Ramona Sandrina Ilie is a journalist, writer, blogger, mother and wife who settled in Egypt with her family for many years. All this time, Ramona studied the history of her adopted country and was a keen and curious observer of how the condition of women in Egypt was evolving. We invited her to share her knowledge in order to better understand the history of this country we perceive through a lot of stereotypes and clichés.
In a patriarchal society, contrary to what is believed, the Egyptian woman always had something to say and knew how to stand out both in family life and in society and politics. Quite a few books have been written about women’s condition throughout the ages, from Ancient Egypt to the modern era. Still, in this feature, I will focus on the modern Egyptian woman, since we already have quite a lot of information about her from the historical past. Most of the references in this feature follow several studies, texts, articles or books, and others represent personal conclusions, following several years of study, observation of this process, discussions with various women involved in activism, and of course, all the years I lived here, alongside them, in Egyptian society.
Regarding women’s rights, Egypt is a more tolerant society, in the context of the Middle East
Since ancient times, Egyptian women have almost always been allowed to have their own businesses, to own and sell property, to serve as witnesses in court cases. Unlike most women in the Middle East, Egyptian women could be found in the company of men, both on the street, in restaurants and at work. Compared to other Middle Eastern women, the Egyptian woman could enter a cafe (sometimes even an all-male one) unaccompanied by a man.
Egyptian women have always had the right to study, drive and work, but also to divorce, remarry and inherit – a third of the property owned by their husbands.
Abbasia Farghali, born in Assiut, was the first Arab woman to obtain a driver’s license in 1920. At the same time, she decided to move to Alexandria Governorate to live alone, to be educated and travel the world.
During “La Belle Epoque”, this cosmopolitan environment was also a driving force for Egyptian women of the time, who by the 1930s were studying in universities in Britain and France, despite the fact that, at exactly the same time, for example, women studying at certain German universities did not receive degrees.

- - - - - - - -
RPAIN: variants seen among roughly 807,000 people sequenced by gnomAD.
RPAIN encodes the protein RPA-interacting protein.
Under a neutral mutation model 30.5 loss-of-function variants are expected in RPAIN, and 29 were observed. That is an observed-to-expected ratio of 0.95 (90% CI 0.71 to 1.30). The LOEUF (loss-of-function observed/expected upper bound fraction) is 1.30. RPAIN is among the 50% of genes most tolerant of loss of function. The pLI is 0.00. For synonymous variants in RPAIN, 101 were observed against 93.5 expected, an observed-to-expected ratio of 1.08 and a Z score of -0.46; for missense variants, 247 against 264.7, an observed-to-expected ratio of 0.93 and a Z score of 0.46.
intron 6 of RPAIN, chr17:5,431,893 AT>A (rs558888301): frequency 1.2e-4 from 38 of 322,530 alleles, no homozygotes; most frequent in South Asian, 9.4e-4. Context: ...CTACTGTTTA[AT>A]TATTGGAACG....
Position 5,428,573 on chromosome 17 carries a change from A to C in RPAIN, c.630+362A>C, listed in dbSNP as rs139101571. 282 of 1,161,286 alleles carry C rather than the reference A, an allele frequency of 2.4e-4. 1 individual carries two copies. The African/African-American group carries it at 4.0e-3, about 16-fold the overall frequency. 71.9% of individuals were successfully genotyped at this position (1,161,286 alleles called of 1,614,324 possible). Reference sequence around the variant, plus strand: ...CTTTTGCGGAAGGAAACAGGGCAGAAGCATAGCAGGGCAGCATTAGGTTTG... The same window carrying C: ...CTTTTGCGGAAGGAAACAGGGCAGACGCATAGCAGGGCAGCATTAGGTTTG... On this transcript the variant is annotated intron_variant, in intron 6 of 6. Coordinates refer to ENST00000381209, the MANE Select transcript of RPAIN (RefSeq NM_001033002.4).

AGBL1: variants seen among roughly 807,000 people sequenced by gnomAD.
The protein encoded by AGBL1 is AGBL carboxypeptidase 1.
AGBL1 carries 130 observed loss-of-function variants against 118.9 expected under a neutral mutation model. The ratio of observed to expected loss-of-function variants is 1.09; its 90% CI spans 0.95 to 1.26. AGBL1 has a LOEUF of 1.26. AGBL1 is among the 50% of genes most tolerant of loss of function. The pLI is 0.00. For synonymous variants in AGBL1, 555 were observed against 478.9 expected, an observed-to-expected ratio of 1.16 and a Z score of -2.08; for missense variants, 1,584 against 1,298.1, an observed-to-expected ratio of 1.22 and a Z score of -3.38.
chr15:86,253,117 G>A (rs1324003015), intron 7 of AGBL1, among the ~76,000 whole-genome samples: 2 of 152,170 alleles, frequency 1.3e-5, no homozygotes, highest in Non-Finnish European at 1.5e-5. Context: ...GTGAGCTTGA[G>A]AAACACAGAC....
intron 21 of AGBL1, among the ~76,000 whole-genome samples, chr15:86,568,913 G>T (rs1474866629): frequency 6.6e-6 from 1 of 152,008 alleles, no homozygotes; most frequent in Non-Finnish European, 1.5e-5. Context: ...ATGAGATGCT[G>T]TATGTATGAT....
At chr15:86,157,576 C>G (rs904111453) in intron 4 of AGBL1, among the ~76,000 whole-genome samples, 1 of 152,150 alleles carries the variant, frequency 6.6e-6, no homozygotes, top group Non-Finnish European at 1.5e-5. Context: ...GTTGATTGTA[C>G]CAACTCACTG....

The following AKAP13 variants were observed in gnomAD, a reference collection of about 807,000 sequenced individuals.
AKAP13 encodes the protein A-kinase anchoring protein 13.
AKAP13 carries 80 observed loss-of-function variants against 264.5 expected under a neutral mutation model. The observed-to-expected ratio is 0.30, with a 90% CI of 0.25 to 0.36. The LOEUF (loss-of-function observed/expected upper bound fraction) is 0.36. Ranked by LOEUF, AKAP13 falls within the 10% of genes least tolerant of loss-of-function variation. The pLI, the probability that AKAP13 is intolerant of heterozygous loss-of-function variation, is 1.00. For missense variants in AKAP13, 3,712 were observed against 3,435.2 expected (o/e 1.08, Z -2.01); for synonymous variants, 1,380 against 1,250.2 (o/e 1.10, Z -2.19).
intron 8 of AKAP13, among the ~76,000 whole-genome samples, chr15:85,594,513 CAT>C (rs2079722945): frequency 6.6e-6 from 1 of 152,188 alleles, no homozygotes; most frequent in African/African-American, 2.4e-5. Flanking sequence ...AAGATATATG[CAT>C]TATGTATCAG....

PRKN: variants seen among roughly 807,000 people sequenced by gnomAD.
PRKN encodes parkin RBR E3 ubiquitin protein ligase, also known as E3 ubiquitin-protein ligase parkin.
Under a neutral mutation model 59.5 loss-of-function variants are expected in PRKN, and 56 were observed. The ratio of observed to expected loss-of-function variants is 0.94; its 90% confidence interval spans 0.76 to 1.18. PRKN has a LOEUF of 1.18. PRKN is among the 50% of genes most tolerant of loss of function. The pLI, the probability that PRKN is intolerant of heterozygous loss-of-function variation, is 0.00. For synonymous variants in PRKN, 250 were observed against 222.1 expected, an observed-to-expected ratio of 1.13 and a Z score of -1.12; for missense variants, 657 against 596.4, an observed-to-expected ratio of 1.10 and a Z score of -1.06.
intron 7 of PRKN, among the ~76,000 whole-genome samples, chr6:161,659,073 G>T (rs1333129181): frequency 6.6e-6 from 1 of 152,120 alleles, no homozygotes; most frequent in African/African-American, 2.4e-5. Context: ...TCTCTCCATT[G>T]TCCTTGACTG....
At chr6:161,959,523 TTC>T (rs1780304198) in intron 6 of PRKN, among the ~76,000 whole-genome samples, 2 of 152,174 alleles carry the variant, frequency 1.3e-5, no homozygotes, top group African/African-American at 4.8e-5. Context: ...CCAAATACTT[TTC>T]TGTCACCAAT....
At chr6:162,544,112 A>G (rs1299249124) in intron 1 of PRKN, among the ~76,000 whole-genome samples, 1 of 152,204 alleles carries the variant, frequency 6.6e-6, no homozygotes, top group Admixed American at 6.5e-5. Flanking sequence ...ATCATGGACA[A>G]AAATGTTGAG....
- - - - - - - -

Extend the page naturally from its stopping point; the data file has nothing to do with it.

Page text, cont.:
The first female pilot in Africa and the Arab world
Lotfia Elnadi was born on October 29, 1907, and on September 27, 1933, she became the first female pilot in Africa and the Arab world, after only 67 days of studies. Initially, after graduating from the American College, at the suggestion of her mother, her father expected her to get married and become a housewife. But Lotfia read everything about the flight classes because she was attracted by this feeling of total freedom and ignored all the warnings of her father, who was very angry and disappointed for a long time. However, the pioneer of female pilotage in Egypt was very well received all over the world, making headlines in all the major newspapers of the world, a fact that attracted congratulations from King Fouad and the well-known feminist leader of the time (the first one), Huda Sha’ Arawi. She congratulated her and then organized a fundraiser to buy Elnadi a plane of her own. Elnadi later worked as secretary general of the Egyptian Aviation Club.
The first president of the Egyptian Feminist Union
Huda Sha’arawi founded and became the first president of the Egyptian Feminist Union in 1923. She campaigned for the removal of the veil and was the head of the Feminist Revolution of 1919. She was the daughter of Muhamed Sultan Pasha Shaarawi, who became later president of the Egyptian Chamber of Deputies. Sha’arawi was educated at an early age along with her siblings, studying various subjects such as grammar and calligraphy in several languages. She spent her childhood and early adulthood secluded in an upper-class Egyptian community, and after her father’s death, she was taken under the guardianship of her older cousin, Ali Shaarawi, to whom she was married at the age of thirteen.
Later, she broke up with Ali Shaarawi, a fact that gave her the possibility of even more in-depth education, an education that also brought the taste of independence.
Sha’arawi wrote poetry in both Arabic and French. Sha’arawi later recounted her life in her memoir, Modhakkerātī (“My Memory”), which was translated and abridged into the English version Harem Years: The Memoirs of an Egyptian Feminist, 1879–1924.
Undoubtedly, Huda Sha’arawi was the most significant image and personality of the feminist movement in Egypt, a movement that has continued and strengthened over the years, until today.